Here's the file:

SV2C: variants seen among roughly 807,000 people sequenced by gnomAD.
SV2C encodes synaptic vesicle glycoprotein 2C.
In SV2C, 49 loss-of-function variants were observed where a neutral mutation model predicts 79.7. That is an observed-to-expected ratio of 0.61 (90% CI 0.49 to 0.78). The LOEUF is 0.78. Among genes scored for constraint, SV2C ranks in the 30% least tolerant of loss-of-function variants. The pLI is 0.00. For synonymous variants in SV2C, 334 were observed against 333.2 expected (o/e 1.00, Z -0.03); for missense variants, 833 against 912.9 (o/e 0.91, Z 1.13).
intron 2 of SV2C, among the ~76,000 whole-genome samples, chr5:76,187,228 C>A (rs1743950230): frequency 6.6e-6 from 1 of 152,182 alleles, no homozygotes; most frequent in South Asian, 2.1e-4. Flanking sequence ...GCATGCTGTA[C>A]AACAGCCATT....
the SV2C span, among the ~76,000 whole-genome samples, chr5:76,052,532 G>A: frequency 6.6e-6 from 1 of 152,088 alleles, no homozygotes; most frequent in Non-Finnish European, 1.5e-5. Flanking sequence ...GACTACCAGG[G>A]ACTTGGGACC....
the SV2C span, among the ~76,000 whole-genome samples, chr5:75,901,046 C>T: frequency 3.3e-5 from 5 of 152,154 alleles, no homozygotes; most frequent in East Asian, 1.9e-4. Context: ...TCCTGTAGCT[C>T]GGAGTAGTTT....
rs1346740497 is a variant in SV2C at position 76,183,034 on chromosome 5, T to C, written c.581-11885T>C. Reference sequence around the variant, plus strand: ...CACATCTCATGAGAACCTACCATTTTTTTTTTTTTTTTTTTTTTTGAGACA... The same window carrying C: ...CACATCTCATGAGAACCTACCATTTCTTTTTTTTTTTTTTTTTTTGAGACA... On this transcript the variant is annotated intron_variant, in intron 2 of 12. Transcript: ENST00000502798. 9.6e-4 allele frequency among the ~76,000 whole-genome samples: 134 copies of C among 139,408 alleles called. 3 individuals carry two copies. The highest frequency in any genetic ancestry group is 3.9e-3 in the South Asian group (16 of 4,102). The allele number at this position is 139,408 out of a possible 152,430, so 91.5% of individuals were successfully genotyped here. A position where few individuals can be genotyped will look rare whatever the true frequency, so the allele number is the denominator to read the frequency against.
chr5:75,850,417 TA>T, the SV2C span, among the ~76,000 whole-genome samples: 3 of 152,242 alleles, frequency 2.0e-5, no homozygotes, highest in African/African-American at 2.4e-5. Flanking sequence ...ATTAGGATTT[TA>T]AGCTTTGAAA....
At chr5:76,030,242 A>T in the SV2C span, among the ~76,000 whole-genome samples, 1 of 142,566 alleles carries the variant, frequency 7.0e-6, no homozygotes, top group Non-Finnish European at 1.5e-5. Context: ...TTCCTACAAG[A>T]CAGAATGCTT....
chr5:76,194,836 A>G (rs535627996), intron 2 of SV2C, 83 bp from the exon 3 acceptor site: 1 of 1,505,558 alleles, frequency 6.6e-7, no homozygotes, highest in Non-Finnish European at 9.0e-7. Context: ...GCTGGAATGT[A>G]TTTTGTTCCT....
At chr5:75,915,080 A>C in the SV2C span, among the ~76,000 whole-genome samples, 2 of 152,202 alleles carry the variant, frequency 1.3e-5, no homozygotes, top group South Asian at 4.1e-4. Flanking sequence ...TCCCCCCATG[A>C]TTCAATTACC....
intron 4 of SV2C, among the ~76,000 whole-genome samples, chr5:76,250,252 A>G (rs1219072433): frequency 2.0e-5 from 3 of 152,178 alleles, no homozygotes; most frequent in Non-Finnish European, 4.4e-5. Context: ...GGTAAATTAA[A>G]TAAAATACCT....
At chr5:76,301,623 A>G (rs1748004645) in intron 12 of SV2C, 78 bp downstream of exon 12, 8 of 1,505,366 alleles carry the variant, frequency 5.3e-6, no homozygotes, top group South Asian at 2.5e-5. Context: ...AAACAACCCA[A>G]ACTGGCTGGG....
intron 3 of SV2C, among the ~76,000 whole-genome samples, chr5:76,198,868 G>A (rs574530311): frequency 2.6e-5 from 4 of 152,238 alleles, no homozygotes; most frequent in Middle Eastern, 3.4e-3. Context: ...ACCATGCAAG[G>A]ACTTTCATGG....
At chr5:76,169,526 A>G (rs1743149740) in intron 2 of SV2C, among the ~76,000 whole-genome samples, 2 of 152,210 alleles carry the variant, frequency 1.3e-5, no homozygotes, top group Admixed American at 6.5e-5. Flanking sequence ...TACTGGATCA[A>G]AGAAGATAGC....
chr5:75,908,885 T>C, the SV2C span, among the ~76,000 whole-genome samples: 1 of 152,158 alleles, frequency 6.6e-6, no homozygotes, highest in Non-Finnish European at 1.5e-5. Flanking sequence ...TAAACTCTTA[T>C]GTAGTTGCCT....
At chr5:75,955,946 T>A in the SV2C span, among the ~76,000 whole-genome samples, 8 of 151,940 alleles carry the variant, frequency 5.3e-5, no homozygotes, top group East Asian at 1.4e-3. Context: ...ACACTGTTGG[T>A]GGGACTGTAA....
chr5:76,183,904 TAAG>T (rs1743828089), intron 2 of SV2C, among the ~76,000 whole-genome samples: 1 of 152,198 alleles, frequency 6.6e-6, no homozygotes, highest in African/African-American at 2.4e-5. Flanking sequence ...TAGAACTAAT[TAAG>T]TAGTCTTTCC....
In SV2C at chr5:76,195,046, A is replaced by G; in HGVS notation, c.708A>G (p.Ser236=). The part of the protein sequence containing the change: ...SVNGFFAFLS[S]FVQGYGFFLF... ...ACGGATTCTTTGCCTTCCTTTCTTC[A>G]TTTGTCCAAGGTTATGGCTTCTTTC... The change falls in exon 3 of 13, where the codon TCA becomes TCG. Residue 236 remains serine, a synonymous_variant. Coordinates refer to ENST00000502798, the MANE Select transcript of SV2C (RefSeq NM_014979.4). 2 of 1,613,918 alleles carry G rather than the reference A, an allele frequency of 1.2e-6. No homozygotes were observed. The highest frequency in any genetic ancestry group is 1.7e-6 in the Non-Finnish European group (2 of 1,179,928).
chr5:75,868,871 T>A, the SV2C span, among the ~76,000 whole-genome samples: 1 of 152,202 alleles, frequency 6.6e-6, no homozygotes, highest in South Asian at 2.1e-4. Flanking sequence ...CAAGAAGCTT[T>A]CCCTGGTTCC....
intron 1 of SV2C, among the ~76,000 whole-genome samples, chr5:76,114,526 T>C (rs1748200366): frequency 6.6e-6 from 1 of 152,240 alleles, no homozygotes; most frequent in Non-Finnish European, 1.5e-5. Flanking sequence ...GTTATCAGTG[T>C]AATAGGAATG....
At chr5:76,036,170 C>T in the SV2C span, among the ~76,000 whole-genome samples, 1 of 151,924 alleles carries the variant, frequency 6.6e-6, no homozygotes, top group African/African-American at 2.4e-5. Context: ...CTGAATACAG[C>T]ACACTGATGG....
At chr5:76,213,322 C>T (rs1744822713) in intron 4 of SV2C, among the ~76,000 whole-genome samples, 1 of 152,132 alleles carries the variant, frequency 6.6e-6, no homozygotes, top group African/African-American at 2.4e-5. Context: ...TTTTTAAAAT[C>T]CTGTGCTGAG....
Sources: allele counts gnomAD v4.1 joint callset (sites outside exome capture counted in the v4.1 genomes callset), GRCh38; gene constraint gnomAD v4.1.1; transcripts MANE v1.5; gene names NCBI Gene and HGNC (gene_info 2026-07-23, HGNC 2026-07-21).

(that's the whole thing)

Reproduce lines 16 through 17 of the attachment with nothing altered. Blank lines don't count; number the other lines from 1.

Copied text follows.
chr5:75,908,885 T>C, the SV2C span, among the ~76,000 whole-genome samples: 1 of 152,158 alleles, frequency 6.6e-6, no homozygotes, highest in Non-Finnish European at 1.5e-5. Flanking sequence ...TAAACTCTTA[T>C]GTAGTTGCCT....
At chr5:75,955,946 T>A in the SV2C span, among the ~76,000 whole-genome samples, 8 of 151,940 alleles carry the variant, frequency 5.3e-5, no homozygotes, top group East Asian at 1.4e-3. Context: ...ACACTGTTGG[T>A]GGGACTGTAA....